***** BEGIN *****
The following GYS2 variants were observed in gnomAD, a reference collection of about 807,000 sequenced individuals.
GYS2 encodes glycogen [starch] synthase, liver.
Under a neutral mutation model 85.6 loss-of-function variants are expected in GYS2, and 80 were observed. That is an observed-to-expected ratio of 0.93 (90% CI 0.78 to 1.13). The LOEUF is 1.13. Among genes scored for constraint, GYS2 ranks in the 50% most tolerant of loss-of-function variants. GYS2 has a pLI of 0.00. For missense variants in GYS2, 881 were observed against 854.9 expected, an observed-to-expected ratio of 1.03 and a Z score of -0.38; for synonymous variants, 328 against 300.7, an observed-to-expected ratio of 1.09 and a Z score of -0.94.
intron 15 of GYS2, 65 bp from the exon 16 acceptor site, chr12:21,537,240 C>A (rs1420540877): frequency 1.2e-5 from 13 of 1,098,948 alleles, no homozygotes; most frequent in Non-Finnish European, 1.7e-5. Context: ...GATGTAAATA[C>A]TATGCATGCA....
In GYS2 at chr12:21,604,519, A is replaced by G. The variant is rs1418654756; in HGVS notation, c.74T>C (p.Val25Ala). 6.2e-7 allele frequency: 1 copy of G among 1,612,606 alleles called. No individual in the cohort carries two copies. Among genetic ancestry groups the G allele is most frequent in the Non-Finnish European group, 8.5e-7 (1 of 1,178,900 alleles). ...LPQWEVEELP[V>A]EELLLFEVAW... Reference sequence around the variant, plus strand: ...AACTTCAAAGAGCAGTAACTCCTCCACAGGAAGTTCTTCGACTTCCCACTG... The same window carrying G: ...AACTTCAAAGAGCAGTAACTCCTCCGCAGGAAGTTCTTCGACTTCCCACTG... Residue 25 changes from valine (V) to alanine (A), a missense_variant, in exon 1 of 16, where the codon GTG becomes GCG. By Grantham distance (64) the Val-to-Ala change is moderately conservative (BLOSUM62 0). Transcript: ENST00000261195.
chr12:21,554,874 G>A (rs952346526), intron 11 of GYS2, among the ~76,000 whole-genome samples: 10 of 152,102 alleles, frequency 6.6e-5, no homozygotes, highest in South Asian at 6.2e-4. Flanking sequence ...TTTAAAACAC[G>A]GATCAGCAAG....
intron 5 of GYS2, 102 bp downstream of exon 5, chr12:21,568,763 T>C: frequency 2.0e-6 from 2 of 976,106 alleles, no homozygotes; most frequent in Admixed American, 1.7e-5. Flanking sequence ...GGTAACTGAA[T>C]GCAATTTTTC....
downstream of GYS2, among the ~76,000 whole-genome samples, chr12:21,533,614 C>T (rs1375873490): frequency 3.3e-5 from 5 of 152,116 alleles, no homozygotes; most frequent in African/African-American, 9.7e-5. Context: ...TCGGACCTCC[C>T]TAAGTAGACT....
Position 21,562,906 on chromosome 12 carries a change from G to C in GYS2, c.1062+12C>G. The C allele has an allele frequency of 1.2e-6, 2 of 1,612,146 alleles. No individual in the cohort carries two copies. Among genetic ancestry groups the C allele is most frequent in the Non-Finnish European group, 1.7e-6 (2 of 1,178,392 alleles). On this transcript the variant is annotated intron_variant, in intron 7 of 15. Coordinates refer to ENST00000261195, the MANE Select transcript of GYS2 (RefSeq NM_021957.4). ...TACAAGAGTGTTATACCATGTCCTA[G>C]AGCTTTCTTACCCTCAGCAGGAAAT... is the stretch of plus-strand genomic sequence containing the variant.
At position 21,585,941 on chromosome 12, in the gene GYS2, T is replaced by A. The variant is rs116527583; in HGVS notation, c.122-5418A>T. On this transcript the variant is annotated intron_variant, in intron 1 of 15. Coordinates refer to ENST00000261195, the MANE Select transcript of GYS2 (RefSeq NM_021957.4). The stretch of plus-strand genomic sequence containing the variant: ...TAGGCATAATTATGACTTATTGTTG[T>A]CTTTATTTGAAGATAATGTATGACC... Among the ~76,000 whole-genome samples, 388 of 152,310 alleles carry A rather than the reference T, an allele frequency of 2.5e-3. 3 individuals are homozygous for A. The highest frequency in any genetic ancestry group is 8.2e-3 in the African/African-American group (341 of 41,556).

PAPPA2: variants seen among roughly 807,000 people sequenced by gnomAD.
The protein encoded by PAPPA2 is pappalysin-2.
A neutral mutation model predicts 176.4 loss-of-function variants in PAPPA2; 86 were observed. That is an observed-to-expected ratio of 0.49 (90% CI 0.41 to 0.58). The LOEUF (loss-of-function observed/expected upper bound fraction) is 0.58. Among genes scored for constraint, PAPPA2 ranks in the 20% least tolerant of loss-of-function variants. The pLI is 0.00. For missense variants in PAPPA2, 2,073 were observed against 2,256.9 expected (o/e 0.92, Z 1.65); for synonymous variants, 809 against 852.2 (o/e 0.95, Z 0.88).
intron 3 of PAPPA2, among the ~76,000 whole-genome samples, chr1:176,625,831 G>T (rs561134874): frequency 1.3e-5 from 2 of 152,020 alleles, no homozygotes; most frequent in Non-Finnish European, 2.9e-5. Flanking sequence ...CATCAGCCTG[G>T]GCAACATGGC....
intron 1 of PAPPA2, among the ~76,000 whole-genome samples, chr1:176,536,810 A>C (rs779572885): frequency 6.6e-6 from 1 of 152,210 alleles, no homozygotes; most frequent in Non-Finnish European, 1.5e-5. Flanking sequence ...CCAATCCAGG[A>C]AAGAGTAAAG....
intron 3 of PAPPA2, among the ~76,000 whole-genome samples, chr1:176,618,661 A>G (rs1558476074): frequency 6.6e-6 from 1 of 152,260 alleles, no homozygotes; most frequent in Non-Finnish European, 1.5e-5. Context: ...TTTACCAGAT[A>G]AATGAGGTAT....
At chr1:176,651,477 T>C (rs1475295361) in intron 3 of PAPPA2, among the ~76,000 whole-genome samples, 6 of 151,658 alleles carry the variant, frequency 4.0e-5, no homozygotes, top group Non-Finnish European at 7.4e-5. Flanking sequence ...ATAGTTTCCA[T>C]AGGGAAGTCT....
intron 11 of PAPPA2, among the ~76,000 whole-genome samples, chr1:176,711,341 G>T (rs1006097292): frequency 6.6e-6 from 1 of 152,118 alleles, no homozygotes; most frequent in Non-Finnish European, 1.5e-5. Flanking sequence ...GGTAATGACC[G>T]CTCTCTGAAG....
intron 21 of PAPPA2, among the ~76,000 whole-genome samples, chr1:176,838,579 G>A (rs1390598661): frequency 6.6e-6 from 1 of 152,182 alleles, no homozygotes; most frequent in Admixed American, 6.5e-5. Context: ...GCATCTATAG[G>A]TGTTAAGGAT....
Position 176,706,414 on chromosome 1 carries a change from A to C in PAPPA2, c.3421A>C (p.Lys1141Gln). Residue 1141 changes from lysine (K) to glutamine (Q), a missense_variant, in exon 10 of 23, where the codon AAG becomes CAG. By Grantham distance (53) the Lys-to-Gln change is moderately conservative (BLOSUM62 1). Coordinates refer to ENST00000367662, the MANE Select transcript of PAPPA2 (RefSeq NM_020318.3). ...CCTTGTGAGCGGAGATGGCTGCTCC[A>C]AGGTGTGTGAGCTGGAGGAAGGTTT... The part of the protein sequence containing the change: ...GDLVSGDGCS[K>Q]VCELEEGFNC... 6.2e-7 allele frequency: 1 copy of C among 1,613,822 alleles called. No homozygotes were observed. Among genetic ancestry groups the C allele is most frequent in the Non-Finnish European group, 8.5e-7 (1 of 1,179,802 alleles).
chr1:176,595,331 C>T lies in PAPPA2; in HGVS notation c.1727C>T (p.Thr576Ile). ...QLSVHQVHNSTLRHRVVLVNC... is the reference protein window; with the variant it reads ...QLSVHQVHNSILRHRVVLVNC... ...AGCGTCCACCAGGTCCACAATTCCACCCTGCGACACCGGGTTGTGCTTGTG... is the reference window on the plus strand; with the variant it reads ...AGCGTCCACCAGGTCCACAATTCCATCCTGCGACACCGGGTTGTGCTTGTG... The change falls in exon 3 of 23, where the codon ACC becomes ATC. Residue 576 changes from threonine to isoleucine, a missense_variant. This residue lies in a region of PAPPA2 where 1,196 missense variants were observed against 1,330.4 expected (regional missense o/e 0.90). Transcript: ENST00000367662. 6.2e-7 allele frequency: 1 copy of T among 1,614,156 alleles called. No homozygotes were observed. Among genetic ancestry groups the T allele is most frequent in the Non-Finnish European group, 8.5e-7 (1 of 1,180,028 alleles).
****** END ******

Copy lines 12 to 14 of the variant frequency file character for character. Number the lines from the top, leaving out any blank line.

The protein encoded by PAPPA2 is pappalysin-2.
A neutral mutation model predicts 176.4 loss-of-function variants in PAPPA2; 86 were observed. That is an observed-to-expected ratio of 0.49 (90% CI 0.41 to 0.58). The LOEUF (loss-of-function observed/expected upper bound fraction) is 0.58. Among genes scored for constraint, PAPPA2 ranks in the 20% least tolerant of loss-of-function variants. The pLI is 0.00. For missense variants in PAPPA2, 2,073 were observed against 2,256.9 expected (o/e 0.92, Z 1.65); for synonymous variants, 809 against 852.2 (o/e 0.95, Z 0.88).
intron 3 of PAPPA2, among the ~76,000 whole-genome samples, chr1:176,625,831 G>T (rs561134874): frequency 1.3e-5 from 2 of 152,020 alleles, no homozygotes; most frequent in Non-Finnish European, 2.9e-5. Flanking sequence ...CATCAGCCTG[G>T]GCAACATGGC....